A New Start After a Great Tragedy
It happened on 15 August 2007 around 18h30; a day Doris will never forget.
In the midst of preparing dinner for her family she felt the floor shake under her feet. "My husband told me to grab the baby, but when we tried to get out of the house the door was stuck," Doris recalls.
The worst of the earthquake that killed 590 persons in Peru and destroyed more than 52,000 homes was yet to come.
In those brief seconds when the earth stopped moving Doris followed her husband's advice and took refuge under the bed with the baby, while her husband tried to pry the door open. Seconds later it began again, this time with a vengeance.
Doris and her family finally managed to leave the house and ended up on the street along with all of their neighbors. "We stood in the middle of the street; the shaking got worse by the second. We tried to make our way to my mother-in-law's house; but the light posts had been uprooted and were lying on the streets. Pisco was like a war zone," she continues.
Two minutes after Doris' dinner was interrupted, the shaking stopped.
But the calm did not bring tranquility to the neighborhood. "People kept running by saying that the ocean had retreated and that we had to evacuate," Doris continues. "We headed towards a hill and slept on the ground under the stars, we didn't even have a blanket."
Because it all happened so fast and at dusk, Doris had not seen the state of her home, but she was expecting the worse. When her husband returned late that evening to get some blankets, he found only half the home standing and debris everywhere.
More surprises were in store for Doris and her family.
"Next morning we woke up and realized we had slept next to a garbage dump," shudders Doris. "We went back to our town, San Andres, to check on my mother and saw that the ocean had spat rocks and boats everywhere. It was a mess."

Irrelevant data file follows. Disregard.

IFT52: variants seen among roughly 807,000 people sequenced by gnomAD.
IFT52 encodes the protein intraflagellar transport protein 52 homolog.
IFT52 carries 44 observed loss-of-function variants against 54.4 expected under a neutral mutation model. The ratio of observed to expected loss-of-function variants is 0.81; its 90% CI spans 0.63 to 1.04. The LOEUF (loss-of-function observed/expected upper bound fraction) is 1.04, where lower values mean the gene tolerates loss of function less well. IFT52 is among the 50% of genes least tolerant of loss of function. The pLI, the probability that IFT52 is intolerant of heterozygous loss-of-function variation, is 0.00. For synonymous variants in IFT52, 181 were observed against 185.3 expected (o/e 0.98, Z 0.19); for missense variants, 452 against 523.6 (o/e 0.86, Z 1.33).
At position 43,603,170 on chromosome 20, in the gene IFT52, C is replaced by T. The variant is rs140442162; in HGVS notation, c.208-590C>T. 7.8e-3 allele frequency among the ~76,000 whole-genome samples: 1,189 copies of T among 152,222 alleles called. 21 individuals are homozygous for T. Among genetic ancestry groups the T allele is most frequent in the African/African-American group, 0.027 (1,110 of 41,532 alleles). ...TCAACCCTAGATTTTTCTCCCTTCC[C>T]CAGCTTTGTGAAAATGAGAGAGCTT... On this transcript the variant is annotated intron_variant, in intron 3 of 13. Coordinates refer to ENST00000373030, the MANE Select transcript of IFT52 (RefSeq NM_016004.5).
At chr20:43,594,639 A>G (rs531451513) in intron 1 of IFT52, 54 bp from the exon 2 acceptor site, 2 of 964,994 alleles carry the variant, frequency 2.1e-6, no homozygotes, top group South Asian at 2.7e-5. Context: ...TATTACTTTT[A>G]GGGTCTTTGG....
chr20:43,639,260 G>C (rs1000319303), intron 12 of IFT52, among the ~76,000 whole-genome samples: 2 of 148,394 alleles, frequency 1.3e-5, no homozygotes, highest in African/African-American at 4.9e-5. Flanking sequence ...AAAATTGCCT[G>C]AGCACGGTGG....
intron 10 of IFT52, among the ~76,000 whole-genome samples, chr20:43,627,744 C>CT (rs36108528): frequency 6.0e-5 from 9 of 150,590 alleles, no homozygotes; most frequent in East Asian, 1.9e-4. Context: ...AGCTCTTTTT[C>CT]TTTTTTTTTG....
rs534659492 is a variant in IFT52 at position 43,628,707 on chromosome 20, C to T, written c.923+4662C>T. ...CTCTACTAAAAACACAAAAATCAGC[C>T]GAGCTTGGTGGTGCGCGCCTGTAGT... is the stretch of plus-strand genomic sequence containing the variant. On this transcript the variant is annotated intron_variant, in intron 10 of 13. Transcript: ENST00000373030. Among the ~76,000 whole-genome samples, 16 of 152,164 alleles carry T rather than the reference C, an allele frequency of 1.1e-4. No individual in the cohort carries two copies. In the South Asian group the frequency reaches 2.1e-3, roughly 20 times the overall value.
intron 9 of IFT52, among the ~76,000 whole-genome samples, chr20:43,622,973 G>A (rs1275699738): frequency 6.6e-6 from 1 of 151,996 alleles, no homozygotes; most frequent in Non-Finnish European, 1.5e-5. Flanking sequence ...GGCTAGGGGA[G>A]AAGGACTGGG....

Doris and her family slept outside for a few nights, until a neighbor told her about a shelter that had been set up in a stadium. But the conditions in the shelter were not much better; and they feared for their health and safety.
"My son got sick and had bronchitis, and my husband lost his job because the factory where he worked had collapsed. Anyways, he would not leave us alone in that shelter," Doris adds.
But the family never lost hope.
The municipality of San Andres allocated a plot of land for 100 families to live temporarily. So ever so slowly, Doris and her neighbors began picking up the pieces, literally, of their lives.
An IOM assessment team determined the most urgent needs of the residents and began distributing tents, beds, mattresses, blankets, kitchen set and other basic items. IOM staff set up 504 tents, distributed 3,300 mattresses, 1,168 beds, 2,988 blankets, 916 sheets, 341 kitchen sets, and 326 personal hygiene kits.
"We are so much better now. The children have gone back to school and have no health problems, and my husband is back at work. So, little by little, everything is going back to normal," explains Doris with a sigh of relief.
The San Andres District in Pisco province was one of the worst affected by the earthquake
Read more about IOM's emergency assistance to Peruvians affected by the earthquake: